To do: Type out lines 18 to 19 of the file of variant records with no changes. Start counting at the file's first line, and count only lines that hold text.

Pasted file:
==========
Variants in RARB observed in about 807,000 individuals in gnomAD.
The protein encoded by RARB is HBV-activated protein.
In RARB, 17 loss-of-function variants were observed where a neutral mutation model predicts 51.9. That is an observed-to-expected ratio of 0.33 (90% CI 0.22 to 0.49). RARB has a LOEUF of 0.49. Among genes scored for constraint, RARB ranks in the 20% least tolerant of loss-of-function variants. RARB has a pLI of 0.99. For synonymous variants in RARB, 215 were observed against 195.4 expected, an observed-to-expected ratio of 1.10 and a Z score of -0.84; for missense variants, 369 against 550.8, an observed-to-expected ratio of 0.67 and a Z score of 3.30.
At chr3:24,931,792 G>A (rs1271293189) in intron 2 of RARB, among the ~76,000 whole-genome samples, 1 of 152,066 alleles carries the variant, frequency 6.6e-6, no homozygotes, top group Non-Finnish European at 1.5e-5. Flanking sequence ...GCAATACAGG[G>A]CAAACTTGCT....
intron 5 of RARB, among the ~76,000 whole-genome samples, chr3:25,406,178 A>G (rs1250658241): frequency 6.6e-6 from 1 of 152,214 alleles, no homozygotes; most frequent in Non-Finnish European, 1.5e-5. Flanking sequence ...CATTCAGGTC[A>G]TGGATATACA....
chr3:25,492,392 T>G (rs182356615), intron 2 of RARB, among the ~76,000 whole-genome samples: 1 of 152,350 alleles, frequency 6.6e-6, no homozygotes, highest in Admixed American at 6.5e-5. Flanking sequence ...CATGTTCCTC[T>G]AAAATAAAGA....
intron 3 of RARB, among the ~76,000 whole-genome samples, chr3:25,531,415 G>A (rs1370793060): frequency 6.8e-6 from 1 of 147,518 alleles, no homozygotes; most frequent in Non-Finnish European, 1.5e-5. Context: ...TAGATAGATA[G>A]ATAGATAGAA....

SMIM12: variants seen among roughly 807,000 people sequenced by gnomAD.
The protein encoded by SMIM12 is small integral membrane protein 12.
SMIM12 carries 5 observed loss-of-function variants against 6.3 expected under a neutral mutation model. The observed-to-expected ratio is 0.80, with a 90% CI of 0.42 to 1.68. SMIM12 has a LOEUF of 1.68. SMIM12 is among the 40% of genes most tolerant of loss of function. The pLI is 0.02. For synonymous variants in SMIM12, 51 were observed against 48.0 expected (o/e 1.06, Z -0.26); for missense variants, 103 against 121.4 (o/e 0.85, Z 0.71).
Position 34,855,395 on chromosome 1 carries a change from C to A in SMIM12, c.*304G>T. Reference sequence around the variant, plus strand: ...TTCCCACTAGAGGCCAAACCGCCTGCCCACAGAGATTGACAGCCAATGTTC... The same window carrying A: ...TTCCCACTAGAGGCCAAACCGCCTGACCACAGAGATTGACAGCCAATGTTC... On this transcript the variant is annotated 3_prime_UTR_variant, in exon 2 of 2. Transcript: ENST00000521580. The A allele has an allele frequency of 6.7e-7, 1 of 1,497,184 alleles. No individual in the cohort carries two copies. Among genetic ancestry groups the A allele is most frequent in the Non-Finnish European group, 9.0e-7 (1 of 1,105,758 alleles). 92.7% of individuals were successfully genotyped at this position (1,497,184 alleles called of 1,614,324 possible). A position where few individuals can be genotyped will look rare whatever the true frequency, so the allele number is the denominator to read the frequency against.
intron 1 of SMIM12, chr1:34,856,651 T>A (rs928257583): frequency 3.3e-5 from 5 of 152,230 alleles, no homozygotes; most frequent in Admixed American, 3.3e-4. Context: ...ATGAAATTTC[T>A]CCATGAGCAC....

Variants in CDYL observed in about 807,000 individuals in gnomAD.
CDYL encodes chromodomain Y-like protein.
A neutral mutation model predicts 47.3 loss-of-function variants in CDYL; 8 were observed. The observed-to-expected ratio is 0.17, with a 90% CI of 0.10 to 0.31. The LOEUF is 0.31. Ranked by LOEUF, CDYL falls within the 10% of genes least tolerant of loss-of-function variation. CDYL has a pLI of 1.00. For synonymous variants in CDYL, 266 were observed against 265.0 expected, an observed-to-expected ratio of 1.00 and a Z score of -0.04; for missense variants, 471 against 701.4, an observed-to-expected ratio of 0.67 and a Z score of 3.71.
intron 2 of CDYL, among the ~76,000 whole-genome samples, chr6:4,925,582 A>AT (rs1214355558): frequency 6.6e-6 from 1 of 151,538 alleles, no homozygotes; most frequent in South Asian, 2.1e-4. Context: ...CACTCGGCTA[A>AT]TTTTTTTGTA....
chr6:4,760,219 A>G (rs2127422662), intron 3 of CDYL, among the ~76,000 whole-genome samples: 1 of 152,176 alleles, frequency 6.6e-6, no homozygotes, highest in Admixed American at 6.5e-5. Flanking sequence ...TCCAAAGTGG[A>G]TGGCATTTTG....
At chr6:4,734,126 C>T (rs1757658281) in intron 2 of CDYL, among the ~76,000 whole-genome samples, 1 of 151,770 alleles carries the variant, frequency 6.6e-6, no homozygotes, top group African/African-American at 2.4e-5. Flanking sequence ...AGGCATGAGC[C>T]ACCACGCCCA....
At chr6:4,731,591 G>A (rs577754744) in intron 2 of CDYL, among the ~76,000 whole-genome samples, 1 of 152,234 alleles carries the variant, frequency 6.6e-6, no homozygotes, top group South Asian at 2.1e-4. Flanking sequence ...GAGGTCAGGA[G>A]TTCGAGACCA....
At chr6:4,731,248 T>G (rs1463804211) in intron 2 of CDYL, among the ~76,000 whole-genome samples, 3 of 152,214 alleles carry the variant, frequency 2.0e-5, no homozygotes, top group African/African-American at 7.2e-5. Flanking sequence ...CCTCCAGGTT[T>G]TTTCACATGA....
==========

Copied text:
At chr6:4,734,126 C>T (rs1757658281) in intron 2 of CDYL, among the ~76,000 whole-genome samples, 1 of 151,770 alleles carries the variant, frequency 6.6e-6, no homozygotes, top group African/African-American at 2.4e-5. Flanking sequence ...AGGCATGAGC[C>T]ACCACGCCCA....
At chr6:4,731,591 G>A (rs577754744) in intron 2 of CDYL, among the ~76,000 whole-genome samples, 1 of 152,234 alleles carries the variant, frequency 6.6e-6, no homozygotes, top group South Asian at 2.1e-4. Flanking sequence ...GAGGTCAGGA[G>A]TTCGAGACCA....